Editor’s note: This is the third of a three-part series about where troubled telecom gear-maker Nortel stands in the recovery efforts led by CEO Mike Zafirovski. The reports were written by Mark Evans, a veteran Toronto technology and telecommunications journalist who covers Northern Telecom in a blog. Nortel employs some 2,200 people at its Research Triangle Park, N.C., campus. Evans also is a frequent contributor to WRAL Local Tech Wire with coverage of NT.

TORONTO — Nortel (NYSE: NT) scored a public relations and perhaps a financial coup on Wednesday with the announcement that the telecommunications firm will provide much of the gear needed to support the 2012 Olympics in London.

The announcement, which also includes Nortel signing on as one of the event’s major sponsors, is one Nortel can use to tout the performance, reliability and cutting-edge technology its products can deliver.

But when assessing Nortel’s technology portfolio, here’s the fascinating and challenging reality: the company’s most profitable business – selling CDMA (code division multiple access) equipment – is dying a slow death as other technologies such as GSM (global system for mobile) become more popular and are implemented.

It makes for an interesting strategic situation because, as much as Nortel must focus on new areas to drive growth, it also needs to carefully manage the CDMA business to ensure it can continue to help finance the rest of the operations.

While CDMA is Nortel’s “golden goose,” the company is hoping to drive its wireless business by moving into new markets. In particular, it is focused on 4G (fourth-generation wireless, which includes high-speed multimedia capabilities) and Long Term Evolution (LTE), which is an effort to improve mobile phone standards and integration of service.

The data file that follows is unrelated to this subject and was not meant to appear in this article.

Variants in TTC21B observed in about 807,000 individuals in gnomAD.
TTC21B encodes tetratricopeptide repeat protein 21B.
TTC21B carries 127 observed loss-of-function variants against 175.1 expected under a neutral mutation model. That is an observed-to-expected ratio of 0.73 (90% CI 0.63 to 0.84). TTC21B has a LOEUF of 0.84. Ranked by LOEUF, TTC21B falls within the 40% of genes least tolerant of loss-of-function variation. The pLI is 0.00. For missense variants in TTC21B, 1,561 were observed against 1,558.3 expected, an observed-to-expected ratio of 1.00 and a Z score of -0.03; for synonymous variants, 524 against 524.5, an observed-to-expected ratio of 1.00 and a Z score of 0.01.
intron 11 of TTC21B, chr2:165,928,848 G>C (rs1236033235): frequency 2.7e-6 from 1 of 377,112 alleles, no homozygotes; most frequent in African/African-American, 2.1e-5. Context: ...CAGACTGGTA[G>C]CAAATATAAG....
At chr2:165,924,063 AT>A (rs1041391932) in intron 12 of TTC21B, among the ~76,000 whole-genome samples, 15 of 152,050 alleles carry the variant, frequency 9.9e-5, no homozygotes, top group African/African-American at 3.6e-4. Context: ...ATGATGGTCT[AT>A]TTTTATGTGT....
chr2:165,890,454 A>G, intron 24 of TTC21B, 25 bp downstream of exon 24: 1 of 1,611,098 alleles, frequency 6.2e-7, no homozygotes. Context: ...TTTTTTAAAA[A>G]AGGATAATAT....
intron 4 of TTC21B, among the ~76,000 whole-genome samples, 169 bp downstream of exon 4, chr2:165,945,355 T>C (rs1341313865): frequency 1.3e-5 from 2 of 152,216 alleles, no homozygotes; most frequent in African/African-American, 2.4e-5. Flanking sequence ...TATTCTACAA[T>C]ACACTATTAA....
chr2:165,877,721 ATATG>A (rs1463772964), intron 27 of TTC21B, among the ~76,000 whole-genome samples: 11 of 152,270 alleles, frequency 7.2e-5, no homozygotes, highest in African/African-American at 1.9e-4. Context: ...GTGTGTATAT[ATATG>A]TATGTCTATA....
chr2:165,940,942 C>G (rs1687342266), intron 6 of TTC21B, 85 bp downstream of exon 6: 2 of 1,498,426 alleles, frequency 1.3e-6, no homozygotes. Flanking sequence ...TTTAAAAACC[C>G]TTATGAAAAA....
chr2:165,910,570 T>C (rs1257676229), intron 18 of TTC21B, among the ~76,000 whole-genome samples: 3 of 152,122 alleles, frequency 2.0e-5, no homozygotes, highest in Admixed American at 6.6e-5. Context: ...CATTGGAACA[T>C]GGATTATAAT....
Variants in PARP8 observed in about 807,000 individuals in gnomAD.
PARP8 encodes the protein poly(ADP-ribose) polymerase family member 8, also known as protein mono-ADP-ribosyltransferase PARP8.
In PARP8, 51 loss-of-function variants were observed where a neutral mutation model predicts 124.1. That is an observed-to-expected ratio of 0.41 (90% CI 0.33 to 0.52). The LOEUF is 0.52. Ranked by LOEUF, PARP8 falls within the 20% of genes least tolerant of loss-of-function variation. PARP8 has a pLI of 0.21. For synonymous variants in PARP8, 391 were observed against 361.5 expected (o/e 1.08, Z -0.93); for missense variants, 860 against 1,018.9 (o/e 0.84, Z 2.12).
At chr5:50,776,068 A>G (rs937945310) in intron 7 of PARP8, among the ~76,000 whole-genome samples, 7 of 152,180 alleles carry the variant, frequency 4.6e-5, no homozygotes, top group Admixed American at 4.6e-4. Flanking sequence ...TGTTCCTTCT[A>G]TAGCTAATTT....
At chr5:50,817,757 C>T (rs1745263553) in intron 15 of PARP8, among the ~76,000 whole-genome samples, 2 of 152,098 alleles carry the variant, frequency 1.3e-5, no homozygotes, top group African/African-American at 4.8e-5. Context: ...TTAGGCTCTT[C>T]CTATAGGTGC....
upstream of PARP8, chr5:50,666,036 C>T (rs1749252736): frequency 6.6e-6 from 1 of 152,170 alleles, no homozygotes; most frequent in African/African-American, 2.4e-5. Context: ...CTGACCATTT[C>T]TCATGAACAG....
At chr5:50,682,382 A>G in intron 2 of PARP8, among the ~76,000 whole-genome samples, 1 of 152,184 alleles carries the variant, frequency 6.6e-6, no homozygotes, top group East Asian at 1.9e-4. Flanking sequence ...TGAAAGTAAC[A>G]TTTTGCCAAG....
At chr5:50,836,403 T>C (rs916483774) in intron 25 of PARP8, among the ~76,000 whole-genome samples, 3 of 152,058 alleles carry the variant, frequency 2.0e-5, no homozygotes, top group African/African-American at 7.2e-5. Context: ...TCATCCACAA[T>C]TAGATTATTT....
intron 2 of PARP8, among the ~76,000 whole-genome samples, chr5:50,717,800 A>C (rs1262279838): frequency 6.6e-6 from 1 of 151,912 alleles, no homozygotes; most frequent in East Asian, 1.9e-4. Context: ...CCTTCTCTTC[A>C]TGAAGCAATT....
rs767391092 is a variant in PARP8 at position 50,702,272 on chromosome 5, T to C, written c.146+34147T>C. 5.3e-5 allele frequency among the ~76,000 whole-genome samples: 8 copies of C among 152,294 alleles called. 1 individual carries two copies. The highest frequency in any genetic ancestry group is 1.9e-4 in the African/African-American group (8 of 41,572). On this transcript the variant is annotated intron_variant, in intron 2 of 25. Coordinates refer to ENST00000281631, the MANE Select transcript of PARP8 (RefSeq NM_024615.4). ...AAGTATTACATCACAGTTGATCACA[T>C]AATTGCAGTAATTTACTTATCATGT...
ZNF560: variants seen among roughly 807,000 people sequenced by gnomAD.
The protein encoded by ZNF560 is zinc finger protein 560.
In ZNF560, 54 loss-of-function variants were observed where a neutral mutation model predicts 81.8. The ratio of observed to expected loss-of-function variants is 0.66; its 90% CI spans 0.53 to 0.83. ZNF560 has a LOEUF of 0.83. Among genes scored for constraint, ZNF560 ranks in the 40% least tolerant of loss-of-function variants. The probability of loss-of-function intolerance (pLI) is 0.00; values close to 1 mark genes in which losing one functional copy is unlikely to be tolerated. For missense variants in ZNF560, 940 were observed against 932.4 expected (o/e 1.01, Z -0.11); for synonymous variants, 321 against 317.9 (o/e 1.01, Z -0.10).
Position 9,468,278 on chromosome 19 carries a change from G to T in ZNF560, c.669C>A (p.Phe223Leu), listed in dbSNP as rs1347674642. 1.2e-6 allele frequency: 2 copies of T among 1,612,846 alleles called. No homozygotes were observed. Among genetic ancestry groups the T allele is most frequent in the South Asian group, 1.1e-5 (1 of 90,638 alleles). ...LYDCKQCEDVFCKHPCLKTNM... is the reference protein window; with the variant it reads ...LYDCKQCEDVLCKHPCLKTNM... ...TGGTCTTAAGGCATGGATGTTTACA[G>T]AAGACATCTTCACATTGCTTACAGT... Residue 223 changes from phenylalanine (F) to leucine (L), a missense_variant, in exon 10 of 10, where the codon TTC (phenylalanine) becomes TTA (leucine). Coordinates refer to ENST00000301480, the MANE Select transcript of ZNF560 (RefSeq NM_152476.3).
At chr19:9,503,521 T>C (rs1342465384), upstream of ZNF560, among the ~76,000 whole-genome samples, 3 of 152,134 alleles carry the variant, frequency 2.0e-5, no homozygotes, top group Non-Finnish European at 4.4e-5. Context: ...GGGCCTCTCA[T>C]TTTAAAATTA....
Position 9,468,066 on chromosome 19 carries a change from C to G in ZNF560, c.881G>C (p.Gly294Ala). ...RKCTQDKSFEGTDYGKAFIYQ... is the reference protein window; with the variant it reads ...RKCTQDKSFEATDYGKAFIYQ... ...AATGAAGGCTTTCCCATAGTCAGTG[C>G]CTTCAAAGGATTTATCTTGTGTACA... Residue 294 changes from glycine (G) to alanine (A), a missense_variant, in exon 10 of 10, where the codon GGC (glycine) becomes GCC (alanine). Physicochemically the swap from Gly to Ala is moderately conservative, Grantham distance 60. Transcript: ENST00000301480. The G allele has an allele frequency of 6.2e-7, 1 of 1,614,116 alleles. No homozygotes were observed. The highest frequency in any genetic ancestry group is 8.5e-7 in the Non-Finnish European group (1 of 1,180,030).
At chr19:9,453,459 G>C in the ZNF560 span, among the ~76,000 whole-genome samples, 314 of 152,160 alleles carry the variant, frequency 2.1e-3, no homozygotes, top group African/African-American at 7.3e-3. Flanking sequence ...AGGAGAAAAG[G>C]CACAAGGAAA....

LTE moved into the spotlight recently when Nortel announced it was getting out of the Wi-Max business by entering into a joint venture with Israel-based Alvarion Ltd. The moves will allow Nortel to focus its research and development dollars on LTE.

In many ways, the move was a surprise because Nortel had been so bullish on Wi-Max. With wireless networks being used to access the Web and watch video, Wi-Max was seen as a hot market to provide carriers and consumers with the necessary bandwidth. Nortel was as enthusiastic as any telecom equipment supplier, along with rivals such as Samsung .

The reality, however, is that despite Nortel’s strategic focus on Wi-Max, it had not established itself as one of the leading suppliers even though it had invested aggressively in the business. At the same time, the WiMax market is still finding its way. Sprint, for example, pulled back on its multibillion-dollar plans to roll out a national Wi-Max network.

Switch and grow?

George Riedel, Nortel’s chief strategy officer, said the switch from Wi-Max to LTE was a logical move.

“The Wi-MAX market, relative to where we thought it would be 18 months ago, has probably moved out not once but twice in terms of the size of the opportunity,” Riedel told Network World, while adding that LTE is gaining traction in terms of technology and standards development, trial implementations and subsequent purchases.